Once I Lived without Money, Yet I Was Not Poor

Tenth Place, Essay, Writers Digest Contest, 1996; Second Place, Essay, Pacific Northwest Writers Conference, 1997; First Place, Creative Nonfiction, Oregon Writers Colony, 1999. Honorable Mention, excerpted in Nostalgia,1999.

When Indians die, there’s a big feast and giveaway; but when Whites die, there’s a giant yard sale!

Reservation Saying

In 1977 I married a Sioux spiritual leader and moved to Pine Ridge Indian Reservation, the poorest county in the United States, Shannon County, SD, with 80-90% unemployment and a per capita income below $2000 a year.

The TV documentaries and Life magazine articles about alcoholism and poverty on Pine Ridge Indian Reservation didn’t scare me. I wanted to simplify my life, extract myself from materialism.

We moved into a one-room cedar log cabin with a polished-dirt floor. It was easy to heat and clean, cool in summer and warm in winter, weather- tempered by silver-gray walls more than a foot thick.

There was clear cold spring water, an outhouse, wood stove and kerosene lamp. Icebox and root cellar, battery- powered radio. Space and beauty: 800 acres for horses and dogs, 360-degree views of sunrises, sunsets, stars and town lights thirty miles away.

Immediately my husband took me to meet his eldest sister, Emma Blackcrow, in her Lakota-speaking home. He went out with the men to cut firewood, leaving me sitting around the big kitchen table with the women.

Tanigha, cow guts, boiled away in a huge pot on the stove. Emma switched to English.

“How many brothers you got?” She was beginning by establishing relations, the opening of any Lakota conversation.

“One,” I replied.

She leaned forward, peering over her bifocals used for beadwork. “Only one?”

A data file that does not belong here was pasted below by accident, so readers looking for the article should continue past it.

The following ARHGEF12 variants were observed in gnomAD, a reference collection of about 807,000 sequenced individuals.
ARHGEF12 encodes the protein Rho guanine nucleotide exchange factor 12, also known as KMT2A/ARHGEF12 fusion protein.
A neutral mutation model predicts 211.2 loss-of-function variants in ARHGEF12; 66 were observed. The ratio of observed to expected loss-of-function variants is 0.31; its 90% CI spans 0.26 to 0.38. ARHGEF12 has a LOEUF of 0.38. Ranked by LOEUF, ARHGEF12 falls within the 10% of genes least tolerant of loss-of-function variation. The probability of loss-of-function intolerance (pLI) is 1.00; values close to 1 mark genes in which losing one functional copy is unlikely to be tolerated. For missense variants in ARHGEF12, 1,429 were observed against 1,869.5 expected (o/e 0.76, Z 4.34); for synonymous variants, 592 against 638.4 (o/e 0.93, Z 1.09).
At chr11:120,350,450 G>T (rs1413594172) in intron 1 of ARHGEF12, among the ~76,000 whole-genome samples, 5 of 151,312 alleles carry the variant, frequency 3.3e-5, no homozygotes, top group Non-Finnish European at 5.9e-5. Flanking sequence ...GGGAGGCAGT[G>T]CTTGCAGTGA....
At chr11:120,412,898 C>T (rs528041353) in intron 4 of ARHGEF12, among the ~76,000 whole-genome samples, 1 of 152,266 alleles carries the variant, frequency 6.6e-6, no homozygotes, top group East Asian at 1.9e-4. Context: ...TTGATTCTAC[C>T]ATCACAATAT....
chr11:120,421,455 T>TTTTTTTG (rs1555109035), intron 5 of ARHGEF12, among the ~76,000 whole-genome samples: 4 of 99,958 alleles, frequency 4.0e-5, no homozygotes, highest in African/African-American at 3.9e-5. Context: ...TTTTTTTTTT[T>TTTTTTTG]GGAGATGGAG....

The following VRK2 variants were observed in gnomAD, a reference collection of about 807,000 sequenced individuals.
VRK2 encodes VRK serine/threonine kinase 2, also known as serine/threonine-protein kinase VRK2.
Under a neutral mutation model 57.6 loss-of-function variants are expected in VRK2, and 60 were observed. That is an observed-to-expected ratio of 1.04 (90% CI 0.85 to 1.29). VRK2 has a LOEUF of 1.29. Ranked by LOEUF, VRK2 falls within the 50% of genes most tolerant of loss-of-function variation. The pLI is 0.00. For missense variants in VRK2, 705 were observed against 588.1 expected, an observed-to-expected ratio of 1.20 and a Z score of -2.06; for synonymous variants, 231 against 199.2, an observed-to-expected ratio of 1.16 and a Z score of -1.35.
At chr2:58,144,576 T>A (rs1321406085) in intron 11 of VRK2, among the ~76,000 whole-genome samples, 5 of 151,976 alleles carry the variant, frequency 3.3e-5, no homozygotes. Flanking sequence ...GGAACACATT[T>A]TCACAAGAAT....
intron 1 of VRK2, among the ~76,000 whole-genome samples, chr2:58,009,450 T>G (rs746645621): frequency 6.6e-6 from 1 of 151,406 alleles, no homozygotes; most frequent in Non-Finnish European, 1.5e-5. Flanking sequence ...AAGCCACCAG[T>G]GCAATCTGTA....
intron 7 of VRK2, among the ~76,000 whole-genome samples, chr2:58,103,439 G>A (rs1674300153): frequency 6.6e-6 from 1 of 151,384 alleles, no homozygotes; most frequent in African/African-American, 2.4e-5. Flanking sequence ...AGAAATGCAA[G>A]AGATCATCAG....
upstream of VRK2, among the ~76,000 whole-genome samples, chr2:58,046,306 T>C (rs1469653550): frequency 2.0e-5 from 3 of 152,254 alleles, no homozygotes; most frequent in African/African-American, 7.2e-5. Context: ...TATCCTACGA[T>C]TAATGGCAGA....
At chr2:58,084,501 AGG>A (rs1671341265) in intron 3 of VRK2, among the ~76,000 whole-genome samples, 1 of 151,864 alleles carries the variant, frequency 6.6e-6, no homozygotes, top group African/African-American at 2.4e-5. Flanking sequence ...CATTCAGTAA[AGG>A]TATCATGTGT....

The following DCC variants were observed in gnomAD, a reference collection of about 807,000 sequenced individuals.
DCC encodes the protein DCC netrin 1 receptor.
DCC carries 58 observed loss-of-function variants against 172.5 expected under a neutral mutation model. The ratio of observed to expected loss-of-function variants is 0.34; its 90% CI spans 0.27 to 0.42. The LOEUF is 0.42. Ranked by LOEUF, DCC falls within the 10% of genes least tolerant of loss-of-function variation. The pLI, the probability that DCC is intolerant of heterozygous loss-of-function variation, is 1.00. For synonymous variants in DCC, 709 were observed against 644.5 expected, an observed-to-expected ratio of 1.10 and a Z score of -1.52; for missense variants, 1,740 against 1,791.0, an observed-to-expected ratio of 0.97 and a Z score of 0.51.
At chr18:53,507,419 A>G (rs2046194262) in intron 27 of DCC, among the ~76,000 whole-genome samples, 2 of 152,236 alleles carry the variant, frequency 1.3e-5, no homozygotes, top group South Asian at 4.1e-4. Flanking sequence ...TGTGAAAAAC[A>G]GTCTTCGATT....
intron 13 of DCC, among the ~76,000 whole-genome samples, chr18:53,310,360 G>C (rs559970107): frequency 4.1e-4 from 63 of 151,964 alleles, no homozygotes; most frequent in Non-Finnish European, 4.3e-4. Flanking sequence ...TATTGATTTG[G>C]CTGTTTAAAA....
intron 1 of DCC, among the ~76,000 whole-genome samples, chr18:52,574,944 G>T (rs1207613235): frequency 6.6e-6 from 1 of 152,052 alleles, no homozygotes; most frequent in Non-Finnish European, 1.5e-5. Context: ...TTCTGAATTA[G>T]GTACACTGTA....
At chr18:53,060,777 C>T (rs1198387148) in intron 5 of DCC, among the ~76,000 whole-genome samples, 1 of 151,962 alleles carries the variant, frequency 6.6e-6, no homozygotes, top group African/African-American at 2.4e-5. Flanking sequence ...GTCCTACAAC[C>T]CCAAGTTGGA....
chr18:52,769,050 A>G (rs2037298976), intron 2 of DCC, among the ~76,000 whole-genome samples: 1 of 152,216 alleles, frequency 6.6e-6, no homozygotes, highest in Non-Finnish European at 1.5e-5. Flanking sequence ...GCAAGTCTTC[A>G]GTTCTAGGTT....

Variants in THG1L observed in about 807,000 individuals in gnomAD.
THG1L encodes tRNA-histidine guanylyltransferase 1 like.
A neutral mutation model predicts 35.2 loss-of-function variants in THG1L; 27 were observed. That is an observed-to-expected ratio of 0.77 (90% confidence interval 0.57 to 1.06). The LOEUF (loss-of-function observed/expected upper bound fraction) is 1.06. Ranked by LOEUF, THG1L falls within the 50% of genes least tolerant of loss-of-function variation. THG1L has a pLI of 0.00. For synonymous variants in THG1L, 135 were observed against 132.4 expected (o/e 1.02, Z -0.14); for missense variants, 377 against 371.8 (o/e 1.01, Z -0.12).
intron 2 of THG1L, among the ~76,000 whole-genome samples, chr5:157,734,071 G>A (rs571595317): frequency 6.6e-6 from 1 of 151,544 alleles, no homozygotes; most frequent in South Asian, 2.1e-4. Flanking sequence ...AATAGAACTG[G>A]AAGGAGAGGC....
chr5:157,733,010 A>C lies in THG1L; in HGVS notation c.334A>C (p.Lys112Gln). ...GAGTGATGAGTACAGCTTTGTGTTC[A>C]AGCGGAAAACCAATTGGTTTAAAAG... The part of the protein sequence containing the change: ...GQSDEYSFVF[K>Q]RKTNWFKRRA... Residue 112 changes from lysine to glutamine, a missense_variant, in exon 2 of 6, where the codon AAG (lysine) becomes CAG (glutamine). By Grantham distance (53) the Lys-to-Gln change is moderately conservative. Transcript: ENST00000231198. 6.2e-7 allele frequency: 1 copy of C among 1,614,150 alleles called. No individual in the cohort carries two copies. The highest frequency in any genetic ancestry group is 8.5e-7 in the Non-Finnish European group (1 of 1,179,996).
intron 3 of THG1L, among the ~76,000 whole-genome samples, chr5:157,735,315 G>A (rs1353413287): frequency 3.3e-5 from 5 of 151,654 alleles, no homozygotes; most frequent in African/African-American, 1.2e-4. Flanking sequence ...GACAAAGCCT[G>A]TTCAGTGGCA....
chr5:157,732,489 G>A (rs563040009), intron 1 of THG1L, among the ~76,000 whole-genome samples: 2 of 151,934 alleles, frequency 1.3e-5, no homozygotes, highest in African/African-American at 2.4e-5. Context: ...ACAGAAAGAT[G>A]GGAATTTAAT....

I nodded, thinking of my brother two thousand miles away, last visited by me three years ago. I asked, “How many brothers do you have?”

“Eight living,” she paused, “and two dead. How many sisters?”

“None.” I sipped the thick reboiled coffee I’d been given.

“None?” She glanced around the table at her two sisters on one side, and the third one next to me. “How many cousins?”


A pause, then she laughed. “Only one? One cousin?” The others laughed, too.

“Jeez, imagine! Only one cousin!” Rena Belle, the youngest, with a tightly-permed afro, spoke out of turn. “Never met nobody with just one cousin!”

“How many aunts?” Emma’s litany continued.

I began to get it. I was a little hesitant. “One.”

“Uh-huh.” She nodded, her eyes crinkling. “And how many uncles?”

“One.” I felt myself flushing, ashamed in spite of myself.

Un-shi-ka, the four sisters murmured in unison, leaning on the “oon.” Pitiful.

A loner, I grew up thinking in terms of me, me, me. Depending on viewpoint, I was self-sufficient and individualistic, or self-centered and deprived. Suddenly I felt poor.

Emma reached across the table and took my hand. “Welcome to the Blackcrows. Now you got lots of relations.”